1.2.1

Characteristics of Inflammation

Low-grade inflammation and activation of the innate immune system both play a key role in the pathogenesis of a number of chronic disorders such as Alzheimer’s disease, rheumatoid arthritis, Lupus, osteoarthritis, multiple sclerosis, atherosclerosis, and many other autoimmune diseases. These chronic diseases all contain an inflammatory component. Many causes of inflammation exist such as infection, tissue damage/necrosis, exogenous or endogenous substances, and immune reactions.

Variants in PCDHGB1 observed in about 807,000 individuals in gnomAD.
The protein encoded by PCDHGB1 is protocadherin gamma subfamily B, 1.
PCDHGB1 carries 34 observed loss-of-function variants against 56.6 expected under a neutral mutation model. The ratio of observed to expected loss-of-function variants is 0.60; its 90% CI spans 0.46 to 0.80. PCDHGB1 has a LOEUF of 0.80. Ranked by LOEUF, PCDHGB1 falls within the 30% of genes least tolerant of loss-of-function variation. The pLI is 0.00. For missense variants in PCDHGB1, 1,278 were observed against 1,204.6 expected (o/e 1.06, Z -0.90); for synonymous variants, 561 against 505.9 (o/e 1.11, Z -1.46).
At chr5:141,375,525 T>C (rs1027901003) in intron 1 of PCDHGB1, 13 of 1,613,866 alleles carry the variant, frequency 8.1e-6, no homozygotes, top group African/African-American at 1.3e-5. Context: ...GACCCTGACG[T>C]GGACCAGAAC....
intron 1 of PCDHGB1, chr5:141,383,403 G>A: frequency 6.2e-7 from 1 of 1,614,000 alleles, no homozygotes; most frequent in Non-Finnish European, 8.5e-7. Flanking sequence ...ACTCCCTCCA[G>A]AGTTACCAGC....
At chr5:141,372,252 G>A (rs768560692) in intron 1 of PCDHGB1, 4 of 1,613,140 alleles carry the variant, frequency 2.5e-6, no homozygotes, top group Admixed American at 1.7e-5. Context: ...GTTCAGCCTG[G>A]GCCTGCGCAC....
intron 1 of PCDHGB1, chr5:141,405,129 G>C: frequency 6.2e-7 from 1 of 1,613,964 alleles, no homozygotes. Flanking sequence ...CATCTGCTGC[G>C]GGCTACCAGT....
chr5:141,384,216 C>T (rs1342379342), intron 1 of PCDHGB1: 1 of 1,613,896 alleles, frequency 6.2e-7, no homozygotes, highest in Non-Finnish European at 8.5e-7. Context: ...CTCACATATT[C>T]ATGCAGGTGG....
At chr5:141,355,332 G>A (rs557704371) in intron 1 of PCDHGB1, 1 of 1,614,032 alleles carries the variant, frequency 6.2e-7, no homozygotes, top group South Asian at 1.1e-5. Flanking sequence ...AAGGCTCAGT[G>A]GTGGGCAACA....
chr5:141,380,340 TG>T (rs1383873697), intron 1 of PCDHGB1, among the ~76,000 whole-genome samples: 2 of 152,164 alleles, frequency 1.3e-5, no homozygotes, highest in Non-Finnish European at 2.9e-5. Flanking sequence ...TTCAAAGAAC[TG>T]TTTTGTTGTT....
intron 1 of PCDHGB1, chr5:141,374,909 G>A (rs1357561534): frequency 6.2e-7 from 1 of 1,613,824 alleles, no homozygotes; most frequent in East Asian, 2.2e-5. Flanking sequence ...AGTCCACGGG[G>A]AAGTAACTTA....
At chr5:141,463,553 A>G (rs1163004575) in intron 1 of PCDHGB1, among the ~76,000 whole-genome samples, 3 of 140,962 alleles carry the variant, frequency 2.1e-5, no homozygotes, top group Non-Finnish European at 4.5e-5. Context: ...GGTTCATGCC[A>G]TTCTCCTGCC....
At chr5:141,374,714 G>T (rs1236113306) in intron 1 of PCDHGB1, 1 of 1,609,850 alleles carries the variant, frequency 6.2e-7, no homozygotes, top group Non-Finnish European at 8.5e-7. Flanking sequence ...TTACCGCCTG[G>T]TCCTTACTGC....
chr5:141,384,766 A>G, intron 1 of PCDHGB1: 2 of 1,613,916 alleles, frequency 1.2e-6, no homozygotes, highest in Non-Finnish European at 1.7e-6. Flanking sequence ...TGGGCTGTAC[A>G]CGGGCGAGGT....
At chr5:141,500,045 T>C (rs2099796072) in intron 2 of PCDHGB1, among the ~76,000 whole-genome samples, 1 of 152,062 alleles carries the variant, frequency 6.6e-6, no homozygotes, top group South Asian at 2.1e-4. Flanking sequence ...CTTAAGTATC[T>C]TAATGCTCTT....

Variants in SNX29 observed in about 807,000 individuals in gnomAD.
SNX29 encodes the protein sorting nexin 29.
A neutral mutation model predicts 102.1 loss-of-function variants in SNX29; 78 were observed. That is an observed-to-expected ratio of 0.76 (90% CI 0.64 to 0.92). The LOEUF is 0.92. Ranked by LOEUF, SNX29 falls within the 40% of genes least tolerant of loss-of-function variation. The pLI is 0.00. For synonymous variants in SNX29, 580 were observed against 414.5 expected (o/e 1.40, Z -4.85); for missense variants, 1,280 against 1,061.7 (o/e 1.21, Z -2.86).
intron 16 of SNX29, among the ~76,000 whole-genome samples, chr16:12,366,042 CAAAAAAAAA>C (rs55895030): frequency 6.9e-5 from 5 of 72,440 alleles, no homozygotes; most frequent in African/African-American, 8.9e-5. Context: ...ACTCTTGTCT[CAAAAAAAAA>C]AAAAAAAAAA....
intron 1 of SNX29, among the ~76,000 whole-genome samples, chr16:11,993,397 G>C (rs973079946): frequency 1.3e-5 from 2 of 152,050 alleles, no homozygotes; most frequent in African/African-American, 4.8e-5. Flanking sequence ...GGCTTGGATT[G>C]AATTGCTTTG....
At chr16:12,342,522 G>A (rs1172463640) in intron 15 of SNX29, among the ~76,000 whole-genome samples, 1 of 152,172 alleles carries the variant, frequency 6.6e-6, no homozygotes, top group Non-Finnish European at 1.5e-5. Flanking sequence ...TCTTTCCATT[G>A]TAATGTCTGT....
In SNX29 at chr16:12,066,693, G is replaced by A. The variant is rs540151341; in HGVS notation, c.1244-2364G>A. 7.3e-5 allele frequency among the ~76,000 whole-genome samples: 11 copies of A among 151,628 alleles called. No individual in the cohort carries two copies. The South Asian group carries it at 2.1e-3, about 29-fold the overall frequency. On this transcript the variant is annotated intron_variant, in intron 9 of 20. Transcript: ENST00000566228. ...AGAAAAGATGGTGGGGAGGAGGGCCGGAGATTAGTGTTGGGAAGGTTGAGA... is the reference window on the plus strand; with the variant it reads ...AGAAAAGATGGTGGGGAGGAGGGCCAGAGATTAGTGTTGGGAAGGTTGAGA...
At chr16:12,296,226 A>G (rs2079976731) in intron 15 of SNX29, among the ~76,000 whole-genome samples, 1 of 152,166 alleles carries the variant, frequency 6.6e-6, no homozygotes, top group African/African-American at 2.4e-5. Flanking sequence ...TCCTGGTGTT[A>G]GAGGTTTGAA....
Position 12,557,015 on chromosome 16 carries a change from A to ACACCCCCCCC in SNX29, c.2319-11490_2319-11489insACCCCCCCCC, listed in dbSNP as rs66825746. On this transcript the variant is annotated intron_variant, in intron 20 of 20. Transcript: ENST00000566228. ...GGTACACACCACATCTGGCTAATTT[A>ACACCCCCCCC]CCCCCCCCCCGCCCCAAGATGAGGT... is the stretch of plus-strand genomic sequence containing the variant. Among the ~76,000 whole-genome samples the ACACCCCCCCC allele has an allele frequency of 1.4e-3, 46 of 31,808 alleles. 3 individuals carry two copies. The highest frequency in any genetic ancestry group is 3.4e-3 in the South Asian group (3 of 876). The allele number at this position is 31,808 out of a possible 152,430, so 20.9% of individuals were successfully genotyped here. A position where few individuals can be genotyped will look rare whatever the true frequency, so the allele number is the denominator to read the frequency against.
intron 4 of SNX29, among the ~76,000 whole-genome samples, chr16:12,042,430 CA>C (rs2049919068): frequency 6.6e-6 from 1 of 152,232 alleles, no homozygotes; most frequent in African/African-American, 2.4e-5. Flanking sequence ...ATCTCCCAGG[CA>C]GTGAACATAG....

Inflammation is the body’s nonspecific defense and healing mechanism for damaged tissue or infection. It can be characterized by five cardinal signs: heat (calor), pain (dolor), redness (rubor), swelling (tumor), and loss of function (functio laesa). Inflammation occurs due to changes in metabolic and chemical activity and creates an environment conducive to tissue healing and hostile to invading pathogens. It is the immune system’s first response to injuries such as physical trauma, burns, or infections. Infections that can cause inflammation are bacterial, mycoses (fungal), viruses, and parasites (e.g. Helminth). Tissue damage/necrosis can occur when blood is cut off to tissues and they become ischemic (without oxygen). Exogenous bodies are foreign substances, such as a bullet, sutures, or slivers. Endogenous substances come from inside the body. Gout, made from urate crystals, is an example of an endogenous substance that causes inflammation. Immune reactions can cause inflammation as well. Autoimmune diseases and allergies are hypersensitivities that can lead to inflammation.